Separation and Divorce

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					Separation and
       Chapter 15
Separation and Divorce
   Divorce rates and our reactions have changed
   About 20% of American adults have divorced at
    least once.
   85% of divorced mothers have custody of their
   Nearly 40% of students using this textbook probably
    come from divorced homes.
Process and Outcome
   Separation

       may be a temporary time out from a stressful
        marriage, allowing partners to decide whether to
        continue the marriage and to see what living apart
        feels like.

       may be a permanent arrangement because some
        religious beliefs do not allow divorce.

       Most states require legal separation—a temporary
        period of living apart—before granting a divorce.
    Process and Outcome
   Phases of Separation:
       Preseparation
           Partners may fantasize about living alone, escaping family
            responsibilities, or forming new sexual liaisons.
           The couple splits up.
           They often maintain a pretense that nothing is wrong.
       Early Separation
           Social norms are unclear concerning who should move out, what they
            should tell people, and who gets what.
           Partners may have ambivalent feelings toward leaving the marriage.
           They must confront economic issues.
       Midseparation
           Pressures of maintaining two households and meeting children’s needs
            mount, stress intensifies.
           Couples may experience “pseudo-reconciliation,” moving back together
            because of separation problems, but this rarely lasts.
       Late Separation
           Partners must learn how to survive as singles again.
               Especially stressful for men raised with traditional gender role expectations
               Both partners must help children deal with the separation.
Outcomes of
Marital Separation
   Approximately 10% of currently married U.S.
    couples who have separated later reconciled.
       Women separating after age 23 are more likely to reconcile
        than are younger women.
   Most people who separate end the marriage with
    divorce, but 6% never make the divorce official.
       Long-term separations are most likely among those with
        lower education, lower income, and the unemployed.
   Divorce, the legal and formal dissolution of a
    marriage, is not a new phenomenon.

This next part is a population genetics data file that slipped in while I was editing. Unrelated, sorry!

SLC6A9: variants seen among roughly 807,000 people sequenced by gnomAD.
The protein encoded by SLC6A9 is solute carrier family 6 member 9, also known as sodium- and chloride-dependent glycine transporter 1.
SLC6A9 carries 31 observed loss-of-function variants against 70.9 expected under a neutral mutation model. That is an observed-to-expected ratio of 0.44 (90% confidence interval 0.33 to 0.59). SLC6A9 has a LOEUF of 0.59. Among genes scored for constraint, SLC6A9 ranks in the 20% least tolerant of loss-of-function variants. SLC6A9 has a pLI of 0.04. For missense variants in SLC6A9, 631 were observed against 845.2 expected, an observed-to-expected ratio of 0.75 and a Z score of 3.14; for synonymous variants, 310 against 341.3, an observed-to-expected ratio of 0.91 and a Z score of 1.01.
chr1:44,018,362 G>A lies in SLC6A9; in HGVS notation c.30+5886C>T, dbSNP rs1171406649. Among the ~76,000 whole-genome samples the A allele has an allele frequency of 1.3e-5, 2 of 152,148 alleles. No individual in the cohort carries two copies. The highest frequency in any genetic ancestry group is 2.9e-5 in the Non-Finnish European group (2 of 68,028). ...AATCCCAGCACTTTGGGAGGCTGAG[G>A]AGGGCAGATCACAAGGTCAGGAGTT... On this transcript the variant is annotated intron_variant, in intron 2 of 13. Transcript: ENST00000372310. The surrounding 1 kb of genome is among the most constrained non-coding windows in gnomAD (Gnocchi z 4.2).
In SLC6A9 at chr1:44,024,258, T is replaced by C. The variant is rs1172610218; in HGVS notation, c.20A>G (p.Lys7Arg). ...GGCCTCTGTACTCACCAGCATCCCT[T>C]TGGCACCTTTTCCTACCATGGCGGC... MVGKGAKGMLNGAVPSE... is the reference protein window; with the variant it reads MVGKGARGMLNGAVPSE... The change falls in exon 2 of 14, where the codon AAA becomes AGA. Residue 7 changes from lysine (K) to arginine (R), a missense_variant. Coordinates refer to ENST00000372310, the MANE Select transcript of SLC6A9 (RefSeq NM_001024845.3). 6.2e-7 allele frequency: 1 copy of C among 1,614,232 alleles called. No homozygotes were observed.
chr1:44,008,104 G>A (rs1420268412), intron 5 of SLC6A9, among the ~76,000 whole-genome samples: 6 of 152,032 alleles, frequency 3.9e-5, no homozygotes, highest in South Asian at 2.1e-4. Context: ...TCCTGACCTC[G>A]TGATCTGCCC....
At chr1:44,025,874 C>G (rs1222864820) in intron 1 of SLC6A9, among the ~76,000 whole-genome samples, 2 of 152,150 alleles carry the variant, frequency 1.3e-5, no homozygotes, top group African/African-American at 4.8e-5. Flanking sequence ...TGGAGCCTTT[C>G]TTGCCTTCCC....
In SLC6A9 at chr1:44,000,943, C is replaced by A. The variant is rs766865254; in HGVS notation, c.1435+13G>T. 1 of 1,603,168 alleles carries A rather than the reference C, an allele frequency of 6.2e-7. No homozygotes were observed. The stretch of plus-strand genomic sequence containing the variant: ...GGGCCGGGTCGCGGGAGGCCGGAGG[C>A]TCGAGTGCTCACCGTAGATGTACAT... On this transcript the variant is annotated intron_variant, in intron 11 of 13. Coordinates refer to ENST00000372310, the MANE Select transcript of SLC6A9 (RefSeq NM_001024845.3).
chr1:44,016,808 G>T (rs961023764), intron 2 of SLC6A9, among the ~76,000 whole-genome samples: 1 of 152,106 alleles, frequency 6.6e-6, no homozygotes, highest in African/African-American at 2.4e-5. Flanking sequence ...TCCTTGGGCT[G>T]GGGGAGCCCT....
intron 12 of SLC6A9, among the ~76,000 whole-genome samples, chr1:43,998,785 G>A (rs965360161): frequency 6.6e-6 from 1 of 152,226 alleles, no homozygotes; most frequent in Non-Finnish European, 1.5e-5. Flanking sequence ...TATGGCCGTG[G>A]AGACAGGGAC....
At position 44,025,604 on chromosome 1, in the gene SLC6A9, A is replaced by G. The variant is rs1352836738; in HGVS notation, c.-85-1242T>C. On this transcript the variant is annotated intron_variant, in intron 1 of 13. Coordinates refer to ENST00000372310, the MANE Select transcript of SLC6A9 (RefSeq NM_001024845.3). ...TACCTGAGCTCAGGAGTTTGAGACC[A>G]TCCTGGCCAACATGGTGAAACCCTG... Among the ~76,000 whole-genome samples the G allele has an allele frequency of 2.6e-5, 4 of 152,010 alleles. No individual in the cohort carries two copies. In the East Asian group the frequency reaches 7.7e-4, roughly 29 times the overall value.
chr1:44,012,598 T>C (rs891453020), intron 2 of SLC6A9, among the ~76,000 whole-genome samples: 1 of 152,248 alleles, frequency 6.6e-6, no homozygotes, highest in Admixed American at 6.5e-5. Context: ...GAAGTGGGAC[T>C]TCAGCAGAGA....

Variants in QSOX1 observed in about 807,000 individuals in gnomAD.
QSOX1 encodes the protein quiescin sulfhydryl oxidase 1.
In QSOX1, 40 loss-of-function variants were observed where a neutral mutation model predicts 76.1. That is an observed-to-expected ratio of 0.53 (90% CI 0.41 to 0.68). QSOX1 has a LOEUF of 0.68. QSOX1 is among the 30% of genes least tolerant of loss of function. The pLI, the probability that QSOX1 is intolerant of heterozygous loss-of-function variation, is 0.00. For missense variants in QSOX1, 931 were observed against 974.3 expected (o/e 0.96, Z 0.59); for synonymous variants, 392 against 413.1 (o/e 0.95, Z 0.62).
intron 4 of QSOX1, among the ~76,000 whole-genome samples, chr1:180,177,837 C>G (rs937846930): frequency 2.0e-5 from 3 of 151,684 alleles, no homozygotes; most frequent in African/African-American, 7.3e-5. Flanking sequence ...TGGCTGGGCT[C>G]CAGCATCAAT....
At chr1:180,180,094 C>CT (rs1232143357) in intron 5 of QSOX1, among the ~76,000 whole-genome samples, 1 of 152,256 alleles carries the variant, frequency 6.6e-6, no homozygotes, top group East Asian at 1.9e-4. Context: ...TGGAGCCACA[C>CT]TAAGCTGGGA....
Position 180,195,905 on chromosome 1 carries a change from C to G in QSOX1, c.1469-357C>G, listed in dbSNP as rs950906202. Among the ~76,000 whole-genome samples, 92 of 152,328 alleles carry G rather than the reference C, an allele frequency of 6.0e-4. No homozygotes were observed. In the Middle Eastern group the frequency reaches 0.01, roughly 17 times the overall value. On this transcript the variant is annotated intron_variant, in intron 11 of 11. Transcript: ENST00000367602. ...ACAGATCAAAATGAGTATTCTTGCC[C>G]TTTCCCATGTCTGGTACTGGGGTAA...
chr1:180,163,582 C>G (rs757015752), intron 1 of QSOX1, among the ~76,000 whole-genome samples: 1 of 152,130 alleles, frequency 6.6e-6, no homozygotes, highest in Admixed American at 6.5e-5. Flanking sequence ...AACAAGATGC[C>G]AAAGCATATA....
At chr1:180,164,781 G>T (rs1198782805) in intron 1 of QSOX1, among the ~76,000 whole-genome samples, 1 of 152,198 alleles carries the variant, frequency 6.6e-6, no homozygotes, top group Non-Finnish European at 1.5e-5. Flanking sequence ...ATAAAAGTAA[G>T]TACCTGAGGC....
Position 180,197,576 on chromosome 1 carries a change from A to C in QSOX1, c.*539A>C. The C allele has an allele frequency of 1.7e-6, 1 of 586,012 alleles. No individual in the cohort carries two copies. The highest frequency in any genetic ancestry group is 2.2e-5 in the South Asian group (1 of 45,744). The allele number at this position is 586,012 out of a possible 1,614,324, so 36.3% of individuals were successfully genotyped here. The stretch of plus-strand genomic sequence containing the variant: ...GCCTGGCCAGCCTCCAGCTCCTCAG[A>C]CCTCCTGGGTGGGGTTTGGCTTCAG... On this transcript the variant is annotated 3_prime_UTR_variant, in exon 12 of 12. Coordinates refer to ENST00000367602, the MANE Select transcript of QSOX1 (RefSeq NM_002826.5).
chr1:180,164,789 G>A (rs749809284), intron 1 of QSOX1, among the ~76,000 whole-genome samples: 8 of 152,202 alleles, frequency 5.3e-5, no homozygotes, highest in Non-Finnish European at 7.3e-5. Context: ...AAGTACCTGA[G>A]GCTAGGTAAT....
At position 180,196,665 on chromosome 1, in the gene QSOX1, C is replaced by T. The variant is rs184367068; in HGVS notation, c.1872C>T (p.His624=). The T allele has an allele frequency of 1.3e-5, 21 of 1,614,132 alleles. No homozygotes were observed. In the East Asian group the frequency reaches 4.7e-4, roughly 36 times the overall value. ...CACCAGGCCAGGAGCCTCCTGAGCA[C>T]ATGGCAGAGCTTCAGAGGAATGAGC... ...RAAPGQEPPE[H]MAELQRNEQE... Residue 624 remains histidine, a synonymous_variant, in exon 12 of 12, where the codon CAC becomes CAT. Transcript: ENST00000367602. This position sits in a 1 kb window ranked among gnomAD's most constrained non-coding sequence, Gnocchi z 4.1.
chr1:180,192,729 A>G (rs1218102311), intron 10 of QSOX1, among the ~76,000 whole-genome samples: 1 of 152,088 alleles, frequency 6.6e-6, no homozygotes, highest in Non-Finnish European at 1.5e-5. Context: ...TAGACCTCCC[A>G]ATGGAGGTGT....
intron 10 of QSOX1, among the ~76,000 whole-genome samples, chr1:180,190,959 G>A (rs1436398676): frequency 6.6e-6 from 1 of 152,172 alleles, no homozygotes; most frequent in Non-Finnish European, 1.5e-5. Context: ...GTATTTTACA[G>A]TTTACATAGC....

   Termination of marriage has been permitted for at least
        4,000 years in some cultures.
Trends in Divorce
   About one in five
    Americans has ever been
       Rates are lower than those
        incorrectly reported by the
       Rates increased until the
        1980s, but have been
        decreasing since 1995.
         Cohabitating and then
           breaking up - e.g.
           remaining single - has the
           effect of decreasing
           divorce rates.
The Process of Divorce
   According to Bohannon (1971), there are six “stations” of divorce.
       Emotional divorce
           begins before any legal steps are taken. One or both partners may feel
            disillusioned, unhappy, or rejected, and detach emotionally.
       Legal divorce
           Legal Divorce is the formal dissolution of the marriage. Partners settle issues
            such as child custody and property division. One spouse may pay Alimony
            (spousal maintenance) or Child support (child rearing expenses).
       Economic divorce
           Couples argue about finances such as children’s expenses and retirement.
       Coparental divorce
           involves agreements regarding legal responsibility for financial support of the
            children, day to day care, and custodial rights.
       Community Divorce
           Relationships with friends, acquaintances, and relatives may change.
       Psychic divorce
           Couples separate from each other emotionally and establish separate lives.
Why do People Divorce?
   Macro (societal)                      Micro (interpersonal)
       Changing social institutions          Unrealistic expectations
       Low social integration                Conflict and Abuse
       Changing gender roles
                                              Infidelity
       Cultural values
                                              Communication
       Technology
Why do People Divorce?
   Demographic
       Parental divorce
       Age at marriage
       Premarital pregnancy and
       Presence of children
       Race and ethnicity
       Social Class
       Religion
How Divorce Affects Adults
   Physical, Emotional, and Psychological Effects
       Divorced people report greater social isolation, economic
        hardship, and stress, and have less social support and less
        satisfying sex lives.
       Preexisting problems, rather than (or in addition to) the
        divorce, may lower people’s well-being.
   Economic and Financial Changes
       Divorced couples often have two sets of expenses.
       Alimony is less common than in the past.
       The economic well being of mothers typically declines by
        36% and financial status of fathers improves by 28%.
    Custody Issues
   Custody is a court mandated ruling as to which parent will have
    primary responsibility for the children’s welfare and upbringing.
     In sole custody (81%) one parent has sole responsibility for raising
       the child and the other parent has specified visitation rights.
     In split custody (2%) the children are divided between the parents
       either by sex or by the children’s choice.